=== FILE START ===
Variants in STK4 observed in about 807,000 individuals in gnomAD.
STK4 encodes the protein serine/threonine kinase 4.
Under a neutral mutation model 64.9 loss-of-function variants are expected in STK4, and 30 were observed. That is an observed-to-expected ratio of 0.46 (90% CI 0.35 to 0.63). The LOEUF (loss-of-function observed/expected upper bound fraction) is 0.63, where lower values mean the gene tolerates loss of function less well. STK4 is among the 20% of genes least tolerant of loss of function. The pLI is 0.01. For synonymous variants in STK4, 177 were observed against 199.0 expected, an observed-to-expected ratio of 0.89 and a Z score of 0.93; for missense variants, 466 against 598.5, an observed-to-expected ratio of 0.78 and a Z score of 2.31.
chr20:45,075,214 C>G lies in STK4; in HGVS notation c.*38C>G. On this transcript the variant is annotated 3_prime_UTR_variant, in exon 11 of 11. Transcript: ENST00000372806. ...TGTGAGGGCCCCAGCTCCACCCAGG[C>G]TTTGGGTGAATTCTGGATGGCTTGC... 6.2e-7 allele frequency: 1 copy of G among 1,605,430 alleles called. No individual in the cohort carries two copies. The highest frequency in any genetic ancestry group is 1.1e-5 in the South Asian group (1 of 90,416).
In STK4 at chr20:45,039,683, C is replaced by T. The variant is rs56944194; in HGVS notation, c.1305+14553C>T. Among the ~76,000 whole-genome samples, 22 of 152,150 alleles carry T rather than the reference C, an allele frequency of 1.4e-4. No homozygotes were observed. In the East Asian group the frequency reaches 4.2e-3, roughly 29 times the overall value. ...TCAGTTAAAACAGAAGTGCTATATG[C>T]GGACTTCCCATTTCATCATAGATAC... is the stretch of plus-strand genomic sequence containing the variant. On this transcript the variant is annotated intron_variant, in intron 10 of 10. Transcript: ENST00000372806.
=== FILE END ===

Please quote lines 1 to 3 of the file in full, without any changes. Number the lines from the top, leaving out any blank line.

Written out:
Variants in STK4 observed in about 807,000 individuals in gnomAD.
STK4 encodes the protein serine/threonine kinase 4.
Under a neutral mutation model 64.9 loss-of-function variants are expected in STK4, and 30 were observed. That is an observed-to-expected ratio of 0.46 (90% CI 0.35 to 0.63). The LOEUF (loss-of-function observed/expected upper bound fraction) is 0.63, where lower values mean the gene tolerates loss of function less well. STK4 is among the 20% of genes least tolerant of loss of function. The pLI is 0.01. For synonymous variants in STK4, 177 were observed against 199.0 expected, an observed-to-expected ratio of 0.89 and a Z score of 0.93; for missense variants, 466 against 598.5, an observed-to-expected ratio of 0.78 and a Z score of 2.31.